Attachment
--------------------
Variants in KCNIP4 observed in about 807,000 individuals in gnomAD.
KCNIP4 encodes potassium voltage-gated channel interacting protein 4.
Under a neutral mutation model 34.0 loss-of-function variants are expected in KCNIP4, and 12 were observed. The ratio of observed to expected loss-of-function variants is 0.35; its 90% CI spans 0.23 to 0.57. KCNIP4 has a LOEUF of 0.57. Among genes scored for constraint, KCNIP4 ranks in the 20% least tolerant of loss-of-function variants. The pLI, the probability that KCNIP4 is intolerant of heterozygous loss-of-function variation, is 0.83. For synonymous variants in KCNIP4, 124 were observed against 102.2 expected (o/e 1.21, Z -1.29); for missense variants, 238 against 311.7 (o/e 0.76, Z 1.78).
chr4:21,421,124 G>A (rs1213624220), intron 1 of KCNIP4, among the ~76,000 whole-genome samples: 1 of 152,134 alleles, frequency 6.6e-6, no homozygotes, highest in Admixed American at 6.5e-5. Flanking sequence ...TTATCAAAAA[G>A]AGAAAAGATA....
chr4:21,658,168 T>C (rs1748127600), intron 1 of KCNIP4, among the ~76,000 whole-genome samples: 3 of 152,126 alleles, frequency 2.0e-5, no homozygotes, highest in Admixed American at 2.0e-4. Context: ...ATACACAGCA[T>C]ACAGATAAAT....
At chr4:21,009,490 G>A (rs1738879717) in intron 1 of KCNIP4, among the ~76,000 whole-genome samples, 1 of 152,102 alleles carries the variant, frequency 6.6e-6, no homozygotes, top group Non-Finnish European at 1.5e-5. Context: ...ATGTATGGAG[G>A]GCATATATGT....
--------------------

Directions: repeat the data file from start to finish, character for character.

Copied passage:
Variants in KCNIP4 observed in about 807,000 individuals in gnomAD.
KCNIP4 encodes potassium voltage-gated channel interacting protein 4.
Under a neutral mutation model 34.0 loss-of-function variants are expected in KCNIP4, and 12 were observed. The ratio of observed to expected loss-of-function variants is 0.35; its 90% CI spans 0.23 to 0.57. KCNIP4 has a LOEUF of 0.57. Among genes scored for constraint, KCNIP4 ranks in the 20% least tolerant of loss-of-function variants. The pLI, the probability that KCNIP4 is intolerant of heterozygous loss-of-function variation, is 0.83. For synonymous variants in KCNIP4, 124 were observed against 102.2 expected (o/e 1.21, Z -1.29); for missense variants, 238 against 311.7 (o/e 0.76, Z 1.78).
chr4:21,421,124 G>A (rs1213624220), intron 1 of KCNIP4, among the ~76,000 whole-genome samples: 1 of 152,134 alleles, frequency 6.6e-6, no homozygotes, highest in Admixed American at 6.5e-5. Flanking sequence ...TTATCAAAAA[G>A]AGAAAAGATA....
chr4:21,658,168 T>C (rs1748127600), intron 1 of KCNIP4, among the ~76,000 whole-genome samples: 3 of 152,126 alleles, frequency 2.0e-5, no homozygotes, highest in Admixed American at 2.0e-4. Context: ...ATACACAGCA[T>C]ACAGATAAAT....
At chr4:21,009,490 G>A (rs1738879717) in intron 1 of KCNIP4, among the ~76,000 whole-genome samples, 1 of 152,102 alleles carries the variant, frequency 6.6e-6, no homozygotes, top group Non-Finnish European at 1.5e-5. Context: ...ATGTATGGAG[G>A]GCATATATGT....